John Danks diagnosed with torn shoulder muscle

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Last week John Danks had his shoulder injury examined by Dr. James Andrews and said the visit involved “no bad news,” but another opinion from the White Sox medical staff apparently showed otherwise.

Scott Powers of ESPN Chicago reports that Danks has been diagnosed with a torn subscapularis muscle in his left shoulder.

The good news is that the team says surgery won’t be required. The bad news is that there’s no longer a timetable for his return after Danks felt good enough to make a minor-league rehab start just seven days ago.

Danks told Powers that the word “tear” exaggerates the seriousness of the injury, saying: “I don’t think it’s anything super major.” However, he hasn’t pitched in the majors since May 19 and seems unlikely to return before the All-Star break, which certainly qualifies as a major concern for the White Sox just months after signing Danks to a five-year, $65 million contract extension.

The Dodgers do not have a general manager, but they have an assistant general manager

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LAS VEGAS — Farhan Zaidi left his job as the general manager of the Los Angeles Dodgers to become the president of baseball operations for the San Francisco Giants. While Dodgers president Andrew Friedman remains at the top of the baseball operations department, Zaidi’s departure has left the Dodgers without a general manager. It happens. It also happens that the Dodgers do not plan to replace Zaidi with a new general manager any time soon. They just said so last week.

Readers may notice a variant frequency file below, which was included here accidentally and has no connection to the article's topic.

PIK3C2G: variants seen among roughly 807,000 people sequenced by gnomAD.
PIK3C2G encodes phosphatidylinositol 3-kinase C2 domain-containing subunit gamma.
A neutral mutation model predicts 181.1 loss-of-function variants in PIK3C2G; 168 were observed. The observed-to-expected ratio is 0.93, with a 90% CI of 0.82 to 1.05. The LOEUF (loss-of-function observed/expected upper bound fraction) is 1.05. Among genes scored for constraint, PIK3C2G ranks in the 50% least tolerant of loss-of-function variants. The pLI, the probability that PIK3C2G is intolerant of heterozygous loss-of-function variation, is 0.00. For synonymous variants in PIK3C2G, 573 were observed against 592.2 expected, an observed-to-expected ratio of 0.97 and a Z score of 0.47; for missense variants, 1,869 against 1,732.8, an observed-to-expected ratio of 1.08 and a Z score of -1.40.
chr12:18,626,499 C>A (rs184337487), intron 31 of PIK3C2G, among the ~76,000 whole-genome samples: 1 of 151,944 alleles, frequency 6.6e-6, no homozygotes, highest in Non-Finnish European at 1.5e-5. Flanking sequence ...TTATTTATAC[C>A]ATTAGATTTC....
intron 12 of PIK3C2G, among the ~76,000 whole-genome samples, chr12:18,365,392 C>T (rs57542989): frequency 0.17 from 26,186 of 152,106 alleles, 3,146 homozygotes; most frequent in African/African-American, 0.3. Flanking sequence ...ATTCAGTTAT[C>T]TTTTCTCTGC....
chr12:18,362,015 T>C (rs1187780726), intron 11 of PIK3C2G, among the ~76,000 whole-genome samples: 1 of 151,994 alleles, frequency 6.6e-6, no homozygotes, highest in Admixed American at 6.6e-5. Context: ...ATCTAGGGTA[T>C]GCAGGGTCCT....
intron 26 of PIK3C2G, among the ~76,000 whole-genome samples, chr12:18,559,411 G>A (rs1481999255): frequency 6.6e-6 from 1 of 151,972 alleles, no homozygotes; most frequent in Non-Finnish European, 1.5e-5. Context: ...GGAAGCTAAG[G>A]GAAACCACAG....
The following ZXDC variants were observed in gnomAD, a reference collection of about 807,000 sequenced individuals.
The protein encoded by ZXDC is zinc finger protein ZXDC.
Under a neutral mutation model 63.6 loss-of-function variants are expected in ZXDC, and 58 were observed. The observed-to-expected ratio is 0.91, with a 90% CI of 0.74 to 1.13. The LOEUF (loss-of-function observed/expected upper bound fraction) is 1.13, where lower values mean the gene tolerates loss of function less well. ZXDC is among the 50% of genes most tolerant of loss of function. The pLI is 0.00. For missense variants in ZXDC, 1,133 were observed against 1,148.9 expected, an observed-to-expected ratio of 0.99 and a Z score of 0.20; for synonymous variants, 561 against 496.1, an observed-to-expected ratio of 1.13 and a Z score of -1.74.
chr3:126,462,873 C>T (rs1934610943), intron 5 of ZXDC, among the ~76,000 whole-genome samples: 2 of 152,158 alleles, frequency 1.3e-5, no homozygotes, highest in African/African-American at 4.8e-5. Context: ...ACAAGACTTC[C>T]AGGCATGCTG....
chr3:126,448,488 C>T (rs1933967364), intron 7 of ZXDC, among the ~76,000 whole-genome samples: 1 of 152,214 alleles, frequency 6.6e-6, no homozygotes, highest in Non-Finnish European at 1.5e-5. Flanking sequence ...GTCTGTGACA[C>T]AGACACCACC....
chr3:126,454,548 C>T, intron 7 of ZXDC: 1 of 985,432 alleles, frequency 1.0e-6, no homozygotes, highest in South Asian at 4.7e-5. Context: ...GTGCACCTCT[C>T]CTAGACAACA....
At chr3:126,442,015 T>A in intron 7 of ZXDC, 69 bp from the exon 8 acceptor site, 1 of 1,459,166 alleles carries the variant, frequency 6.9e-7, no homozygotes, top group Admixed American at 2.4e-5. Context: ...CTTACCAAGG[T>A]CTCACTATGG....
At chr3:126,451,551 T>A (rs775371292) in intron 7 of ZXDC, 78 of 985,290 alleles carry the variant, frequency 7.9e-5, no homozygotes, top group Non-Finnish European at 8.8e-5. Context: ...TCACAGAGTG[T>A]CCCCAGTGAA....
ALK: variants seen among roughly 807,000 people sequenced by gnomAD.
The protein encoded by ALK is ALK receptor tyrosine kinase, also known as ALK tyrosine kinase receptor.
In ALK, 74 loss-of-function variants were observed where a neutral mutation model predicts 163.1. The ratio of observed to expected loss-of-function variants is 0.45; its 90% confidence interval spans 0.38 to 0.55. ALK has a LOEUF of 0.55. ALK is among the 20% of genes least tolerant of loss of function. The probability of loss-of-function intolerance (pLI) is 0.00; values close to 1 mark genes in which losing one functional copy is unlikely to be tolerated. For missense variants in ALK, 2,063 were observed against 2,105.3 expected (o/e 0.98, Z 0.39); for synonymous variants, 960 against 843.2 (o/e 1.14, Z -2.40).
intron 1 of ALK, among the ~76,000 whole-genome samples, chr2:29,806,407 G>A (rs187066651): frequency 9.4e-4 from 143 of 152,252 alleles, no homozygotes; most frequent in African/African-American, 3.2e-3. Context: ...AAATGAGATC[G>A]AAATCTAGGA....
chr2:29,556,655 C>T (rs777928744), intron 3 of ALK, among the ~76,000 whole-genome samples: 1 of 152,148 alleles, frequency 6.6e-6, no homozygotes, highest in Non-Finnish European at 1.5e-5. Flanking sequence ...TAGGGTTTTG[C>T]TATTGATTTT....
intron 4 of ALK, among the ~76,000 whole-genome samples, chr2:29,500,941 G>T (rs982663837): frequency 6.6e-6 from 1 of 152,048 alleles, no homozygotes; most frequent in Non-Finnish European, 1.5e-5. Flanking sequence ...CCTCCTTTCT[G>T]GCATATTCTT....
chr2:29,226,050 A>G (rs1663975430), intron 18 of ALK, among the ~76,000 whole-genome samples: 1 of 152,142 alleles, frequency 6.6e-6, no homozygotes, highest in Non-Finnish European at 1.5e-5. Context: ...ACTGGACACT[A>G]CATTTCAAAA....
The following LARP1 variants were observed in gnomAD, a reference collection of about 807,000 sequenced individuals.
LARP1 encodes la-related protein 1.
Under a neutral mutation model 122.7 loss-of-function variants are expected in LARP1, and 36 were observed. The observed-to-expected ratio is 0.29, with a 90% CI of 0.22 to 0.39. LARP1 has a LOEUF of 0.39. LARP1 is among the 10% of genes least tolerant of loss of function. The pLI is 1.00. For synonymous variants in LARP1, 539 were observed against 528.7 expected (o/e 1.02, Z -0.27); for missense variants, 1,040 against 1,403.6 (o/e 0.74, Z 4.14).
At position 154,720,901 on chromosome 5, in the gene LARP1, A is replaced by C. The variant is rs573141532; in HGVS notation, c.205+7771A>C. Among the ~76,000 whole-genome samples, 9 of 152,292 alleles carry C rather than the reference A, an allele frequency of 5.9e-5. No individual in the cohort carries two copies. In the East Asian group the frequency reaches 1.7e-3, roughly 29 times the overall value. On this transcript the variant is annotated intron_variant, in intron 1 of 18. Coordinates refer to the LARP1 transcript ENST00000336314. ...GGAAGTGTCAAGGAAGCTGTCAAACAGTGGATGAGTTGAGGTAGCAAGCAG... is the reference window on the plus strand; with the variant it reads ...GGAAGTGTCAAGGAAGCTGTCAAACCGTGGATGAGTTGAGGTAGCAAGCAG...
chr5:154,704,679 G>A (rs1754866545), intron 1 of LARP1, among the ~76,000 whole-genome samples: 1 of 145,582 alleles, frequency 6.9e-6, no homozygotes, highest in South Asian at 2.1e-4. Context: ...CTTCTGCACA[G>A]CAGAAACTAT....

They do, however, have an assistant general manager now. It’s Jeff Kingston, late of the Seattle Mariners, where he served as Jerry Dipoto’s assistant. Now he is an assistant with no one, nominally, to assist. Seems like some sort of dividing by zero error, philosophically speaking, but we’ll just assume it’ll sort itself out.

Two less cosmic takeaways from this: 1. Kingston is an analytics guy who has typically advised the wheeler-dealer — Dipoto — so it’s fairly safe to assume he’ll do that in Los Angeles too; and 2. that a team is happy to proceed without a general manager should tell you where general managers, well, in general, stand in this age of title inflation in baseball front offices.

I imagine that, after some time in the organization, Kingston will be named the actual general manager with no real change in his duties, further underscoring that, in this day and age, the title of GM is like the value of a Zimbabwean dollar.